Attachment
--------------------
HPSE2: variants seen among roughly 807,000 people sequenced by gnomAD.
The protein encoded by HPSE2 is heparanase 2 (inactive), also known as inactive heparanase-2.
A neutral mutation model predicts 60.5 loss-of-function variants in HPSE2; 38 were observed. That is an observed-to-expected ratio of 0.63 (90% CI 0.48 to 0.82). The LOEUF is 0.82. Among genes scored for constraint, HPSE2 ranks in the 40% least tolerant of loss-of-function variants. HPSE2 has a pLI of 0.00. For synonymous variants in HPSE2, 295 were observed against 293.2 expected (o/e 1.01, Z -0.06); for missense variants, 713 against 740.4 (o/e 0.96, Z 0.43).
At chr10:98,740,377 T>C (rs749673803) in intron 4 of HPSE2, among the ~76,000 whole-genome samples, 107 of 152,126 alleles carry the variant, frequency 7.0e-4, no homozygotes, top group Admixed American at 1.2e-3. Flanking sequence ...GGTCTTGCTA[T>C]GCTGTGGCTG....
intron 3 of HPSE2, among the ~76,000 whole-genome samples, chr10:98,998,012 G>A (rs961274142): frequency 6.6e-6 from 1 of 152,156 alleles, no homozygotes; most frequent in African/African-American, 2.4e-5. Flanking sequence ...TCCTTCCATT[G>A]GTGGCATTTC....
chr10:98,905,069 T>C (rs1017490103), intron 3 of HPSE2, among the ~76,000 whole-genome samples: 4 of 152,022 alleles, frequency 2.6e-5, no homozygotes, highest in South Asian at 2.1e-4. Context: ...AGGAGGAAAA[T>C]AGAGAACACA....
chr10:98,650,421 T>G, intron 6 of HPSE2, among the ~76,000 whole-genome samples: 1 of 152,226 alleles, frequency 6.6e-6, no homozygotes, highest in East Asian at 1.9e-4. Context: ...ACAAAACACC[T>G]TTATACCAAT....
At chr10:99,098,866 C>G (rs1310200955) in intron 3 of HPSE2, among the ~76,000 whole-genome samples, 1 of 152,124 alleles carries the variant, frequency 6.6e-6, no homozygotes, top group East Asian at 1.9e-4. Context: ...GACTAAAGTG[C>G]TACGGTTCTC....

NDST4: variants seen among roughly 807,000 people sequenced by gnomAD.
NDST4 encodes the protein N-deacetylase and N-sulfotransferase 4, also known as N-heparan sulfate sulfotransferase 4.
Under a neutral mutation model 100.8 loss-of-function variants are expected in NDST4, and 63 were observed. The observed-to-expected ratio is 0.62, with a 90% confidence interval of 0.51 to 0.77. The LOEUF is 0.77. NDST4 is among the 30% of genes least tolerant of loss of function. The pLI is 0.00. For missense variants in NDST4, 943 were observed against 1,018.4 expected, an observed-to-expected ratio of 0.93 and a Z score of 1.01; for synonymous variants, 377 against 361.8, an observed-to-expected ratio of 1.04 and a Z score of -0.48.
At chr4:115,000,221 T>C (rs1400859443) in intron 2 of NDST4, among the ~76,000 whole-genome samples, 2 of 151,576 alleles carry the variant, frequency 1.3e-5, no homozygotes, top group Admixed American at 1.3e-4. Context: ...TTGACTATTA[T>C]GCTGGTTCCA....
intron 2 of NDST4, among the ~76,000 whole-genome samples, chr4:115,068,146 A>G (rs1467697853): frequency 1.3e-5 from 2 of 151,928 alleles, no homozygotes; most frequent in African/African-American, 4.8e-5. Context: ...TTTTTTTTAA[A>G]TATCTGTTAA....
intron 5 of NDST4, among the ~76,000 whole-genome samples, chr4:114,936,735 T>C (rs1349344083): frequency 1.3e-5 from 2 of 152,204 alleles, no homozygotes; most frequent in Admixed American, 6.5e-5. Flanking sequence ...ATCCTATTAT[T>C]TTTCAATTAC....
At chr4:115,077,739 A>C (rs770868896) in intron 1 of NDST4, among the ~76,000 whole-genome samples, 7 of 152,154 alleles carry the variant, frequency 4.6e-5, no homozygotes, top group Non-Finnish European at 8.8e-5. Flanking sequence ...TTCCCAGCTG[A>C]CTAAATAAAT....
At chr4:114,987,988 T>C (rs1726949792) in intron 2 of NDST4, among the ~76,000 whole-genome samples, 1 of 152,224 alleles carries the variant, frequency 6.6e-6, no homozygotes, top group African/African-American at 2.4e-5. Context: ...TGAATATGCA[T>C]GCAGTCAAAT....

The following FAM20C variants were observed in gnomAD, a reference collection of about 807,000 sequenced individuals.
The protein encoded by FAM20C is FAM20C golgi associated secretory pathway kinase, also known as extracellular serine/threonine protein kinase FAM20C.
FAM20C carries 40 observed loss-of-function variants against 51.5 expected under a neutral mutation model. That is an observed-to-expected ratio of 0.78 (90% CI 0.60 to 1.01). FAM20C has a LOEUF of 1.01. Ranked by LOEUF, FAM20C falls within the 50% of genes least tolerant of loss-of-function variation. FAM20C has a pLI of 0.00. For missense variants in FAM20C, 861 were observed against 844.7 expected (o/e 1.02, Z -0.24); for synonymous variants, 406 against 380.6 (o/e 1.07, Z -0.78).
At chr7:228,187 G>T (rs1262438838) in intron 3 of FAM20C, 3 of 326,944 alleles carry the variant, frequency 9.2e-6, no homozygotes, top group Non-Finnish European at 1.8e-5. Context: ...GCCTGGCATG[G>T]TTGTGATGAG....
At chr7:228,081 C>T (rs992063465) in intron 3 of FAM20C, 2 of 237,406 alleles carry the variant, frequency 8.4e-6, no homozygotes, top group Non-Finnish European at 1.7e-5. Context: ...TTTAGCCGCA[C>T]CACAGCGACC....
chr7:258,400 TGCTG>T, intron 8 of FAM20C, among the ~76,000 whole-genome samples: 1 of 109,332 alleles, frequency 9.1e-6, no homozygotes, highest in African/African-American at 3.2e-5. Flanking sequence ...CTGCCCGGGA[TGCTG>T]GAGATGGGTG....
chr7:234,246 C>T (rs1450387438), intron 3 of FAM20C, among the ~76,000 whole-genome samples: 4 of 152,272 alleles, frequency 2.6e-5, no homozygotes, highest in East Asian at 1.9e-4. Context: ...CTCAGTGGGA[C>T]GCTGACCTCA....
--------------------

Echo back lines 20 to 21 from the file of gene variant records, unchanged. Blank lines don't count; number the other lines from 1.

At chr7:228,187 G>T (rs1262438838) in intron 3 of FAM20C, 3 of 326,944 alleles carry the variant, frequency 9.2e-6, no homozygotes, top group Non-Finnish European at 1.8e-5. Context: ...GCCTGGCATG[G>T]TTGTGATGAG....
At chr7:228,081 C>T (rs992063465) in intron 3 of FAM20C, 2 of 237,406 alleles carry the variant, frequency 8.4e-6, no homozygotes, top group Non-Finnish European at 1.7e-5. Context: ...TTTAGCCGCA[C>T]CACAGCGACC....